The arrest of 47 juveniles during a New Year's Eve party for underage drinking has led school board members to consider reviving the district's drug-and-alcohol policy.
At a Board of Education meeting Monday night, the New Year's Eve bust prompted board member Michael Caulfield to propose a motion to revive ADAPT, the Alcohol/Drug Assistance Program for Teens. The board is expected to vote on the issue during its Jan. 23 meeting.
According to Cranford Police Lt. James Wozniak, at 10 p.m. on New Year's Eve, police were called to a home on Garden Street on a report of a fight taking place in that area. When police arrived, they discovered a "large number of juveniles on the scene. After a brief investigation, it was determined that an underage party was being held with alcohol on the premise," according to the official police report.
The 47 juveniles were processed on the scene and charged with violating Cranford Township Ordinance 58-16, which prohibits underage possession/consumption of alcohol on private property. Many of the teens were 15 to 18 years old and students at Cranford High School. The ordinance was approved in 2001 and prohibits anyone "under the age of 21" from possessing or consuming alcohol on private property. All of the juveniles were released to adults at the scene with Juvenile Court proceedings pending. There were no adults charged in the incident. Wozniak said the penalty for the first offense is a $250 fine. Subsequent offenses could result in a fine of $350 and the court also could suspend or postpone the offender’s driving privileges for up to six months if found guilty.
"We have a zero-tolerance policy in this town against kids drinking and using drugs and it's strictly enforced," Wozniak said, adding that, "the matter has been turned over to the juvenile court."
After hearing about the incident, Caulfield decided to make the motion to re-instate the policy.
"I made the motion to re-instate the ADAPT program in the form we had about a year ago, prior to the Indian Hills Superior Court decision in Bergen County," Caulfield said. The board member explained that the prior version of the policy had tiered consequences "for students who were charged by the police, or otherwise apprehended, as intoxicated or in possession of alcohol or drugs."
"Among those consequences were suspension from playing sports or participating in afterschool clubs for first-offender students who had been charged and failed to comply with the demands of the ADAPT program. There were other, more strict consequences for second offenders," Caulfield added. "The Indian Hills decision seemingly removed the school district's right to apply its ADAPT program if the incident in question occurred 'off campus' at a non-school related function/event, unless the upshot of the event caused substantial disruption at the school and interference with the education."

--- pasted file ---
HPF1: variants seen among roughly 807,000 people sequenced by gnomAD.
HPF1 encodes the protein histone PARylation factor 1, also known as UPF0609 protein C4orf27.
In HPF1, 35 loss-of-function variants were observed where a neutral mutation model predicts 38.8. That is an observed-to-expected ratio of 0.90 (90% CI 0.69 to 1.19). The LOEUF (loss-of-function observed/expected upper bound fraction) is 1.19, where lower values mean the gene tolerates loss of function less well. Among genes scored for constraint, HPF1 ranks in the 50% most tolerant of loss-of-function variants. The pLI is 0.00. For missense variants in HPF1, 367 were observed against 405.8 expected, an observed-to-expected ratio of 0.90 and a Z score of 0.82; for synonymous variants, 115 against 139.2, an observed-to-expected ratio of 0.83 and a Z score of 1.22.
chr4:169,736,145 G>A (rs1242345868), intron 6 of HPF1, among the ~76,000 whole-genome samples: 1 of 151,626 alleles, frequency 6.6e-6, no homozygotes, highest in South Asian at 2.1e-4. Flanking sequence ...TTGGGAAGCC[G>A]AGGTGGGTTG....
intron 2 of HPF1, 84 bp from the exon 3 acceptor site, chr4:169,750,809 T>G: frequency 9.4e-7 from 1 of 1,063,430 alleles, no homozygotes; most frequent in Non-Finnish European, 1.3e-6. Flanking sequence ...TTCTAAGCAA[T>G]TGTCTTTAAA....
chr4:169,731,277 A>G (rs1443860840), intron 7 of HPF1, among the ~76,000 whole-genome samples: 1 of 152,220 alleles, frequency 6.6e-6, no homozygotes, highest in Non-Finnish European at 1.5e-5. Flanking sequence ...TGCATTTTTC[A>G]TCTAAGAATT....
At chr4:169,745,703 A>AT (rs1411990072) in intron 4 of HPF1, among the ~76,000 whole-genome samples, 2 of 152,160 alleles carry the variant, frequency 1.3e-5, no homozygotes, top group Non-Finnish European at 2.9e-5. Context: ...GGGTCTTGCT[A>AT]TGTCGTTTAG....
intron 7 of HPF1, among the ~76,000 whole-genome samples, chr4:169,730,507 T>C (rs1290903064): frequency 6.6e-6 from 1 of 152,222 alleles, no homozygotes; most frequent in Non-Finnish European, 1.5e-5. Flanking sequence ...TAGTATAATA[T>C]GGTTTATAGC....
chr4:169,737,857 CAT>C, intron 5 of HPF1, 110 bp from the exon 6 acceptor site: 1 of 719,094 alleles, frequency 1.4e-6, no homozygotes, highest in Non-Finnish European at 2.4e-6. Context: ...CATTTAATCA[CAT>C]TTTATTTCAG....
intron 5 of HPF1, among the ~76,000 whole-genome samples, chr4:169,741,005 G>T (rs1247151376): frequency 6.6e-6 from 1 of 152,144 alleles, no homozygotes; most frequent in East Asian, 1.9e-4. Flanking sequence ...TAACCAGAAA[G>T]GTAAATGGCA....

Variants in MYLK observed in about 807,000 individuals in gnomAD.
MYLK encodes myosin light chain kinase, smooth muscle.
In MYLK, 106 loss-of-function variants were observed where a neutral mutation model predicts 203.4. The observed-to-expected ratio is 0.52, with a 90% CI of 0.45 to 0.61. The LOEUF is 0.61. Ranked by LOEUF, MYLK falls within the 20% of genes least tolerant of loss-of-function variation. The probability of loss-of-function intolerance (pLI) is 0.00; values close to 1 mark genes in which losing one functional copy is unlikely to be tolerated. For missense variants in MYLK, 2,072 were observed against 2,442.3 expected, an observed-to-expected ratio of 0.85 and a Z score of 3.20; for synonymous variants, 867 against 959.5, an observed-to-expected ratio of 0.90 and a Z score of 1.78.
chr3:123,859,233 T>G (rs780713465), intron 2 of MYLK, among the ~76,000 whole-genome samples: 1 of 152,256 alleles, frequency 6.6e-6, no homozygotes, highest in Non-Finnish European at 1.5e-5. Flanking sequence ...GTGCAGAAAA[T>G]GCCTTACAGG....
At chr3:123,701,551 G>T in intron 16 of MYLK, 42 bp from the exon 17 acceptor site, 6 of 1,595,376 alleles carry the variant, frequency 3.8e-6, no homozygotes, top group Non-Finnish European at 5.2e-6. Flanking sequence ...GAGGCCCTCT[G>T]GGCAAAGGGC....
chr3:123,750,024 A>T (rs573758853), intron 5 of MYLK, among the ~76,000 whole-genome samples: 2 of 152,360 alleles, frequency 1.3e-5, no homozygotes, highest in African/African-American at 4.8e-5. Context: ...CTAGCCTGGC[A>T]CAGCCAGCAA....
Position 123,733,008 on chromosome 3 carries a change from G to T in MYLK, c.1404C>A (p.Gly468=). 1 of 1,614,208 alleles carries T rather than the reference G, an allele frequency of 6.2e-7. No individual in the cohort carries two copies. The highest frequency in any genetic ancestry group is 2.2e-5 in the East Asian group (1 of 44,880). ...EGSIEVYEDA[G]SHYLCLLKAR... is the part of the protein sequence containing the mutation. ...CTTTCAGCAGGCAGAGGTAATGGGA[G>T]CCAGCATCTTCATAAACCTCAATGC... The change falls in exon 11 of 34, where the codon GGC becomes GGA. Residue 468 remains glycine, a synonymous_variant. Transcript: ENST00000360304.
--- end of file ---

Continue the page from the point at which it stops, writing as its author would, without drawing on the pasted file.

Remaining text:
Superintendent of Schools Gayle Carrick emphasized that the policy can only be enforced if students are caught drinking or in possession of alcohol at a school-related function.
"Not off school property," she said.
Caulfield believes there is an ongoing problem with underage drinking in Cranford and that officials need to address it head-on.
"Given that the Indian Hills decision did not set binding precedent on Union County courts — or any other NJ court, for that matter — and given that the HIB (Harassment Intimidation and Bullying) law, which does bind all courts in the New Jersey, states that school districts must address incidents that occur away from school; and given that we, Cranford, had an incident over New Year's Eve where some 47 CHS students, allegedly 15-, 16- and 17-year-olds were apprehended for possessing and/or consuming alcohol at a party at a private residence, and given that a CHS student was recently caught smoking marijuana at a school function, and given that, over the years, we have witnessed horrific events that arose from students' drinking," Caulfield said.
He added that "it is common knowledge that there is an ongoing, underage drinking problem in Cranford."
"I believe that we must stop running scared of a non-binding court decision and reinstate our ADAPT policy in the hope that its application just might help to deter students' unlawful alcohol consumption, which deterrence might prevent further deaths or injuries to the underage drinkers or to the victims of those underage drinkers."
School Board President Mary Venditti said she will support the re-examination of the policy to see if it can be re-instated to include consequences for students caught drinking at non-school functions.
"I want to look at it again. I'm anxious to see where we left off," Venditti said. "We have to do something. We can't just leave things the way they are."
The board president is hoping the entire board will agree to revisit the issue.
"To those adults who say: it's my personal business to enforce the law with my child, I say: Do so, but for those whose efforts aren't effective, I would rather have this policy in action with whatever effects it can bring to bear to assist you 'enforcing' parents, and to help prevent injury or death to the underage drinkers and their victims whose parents, of which we know from New Year's Eve, there are at least 47, are not effective in preventing their children from underage drinking," Caulfield said.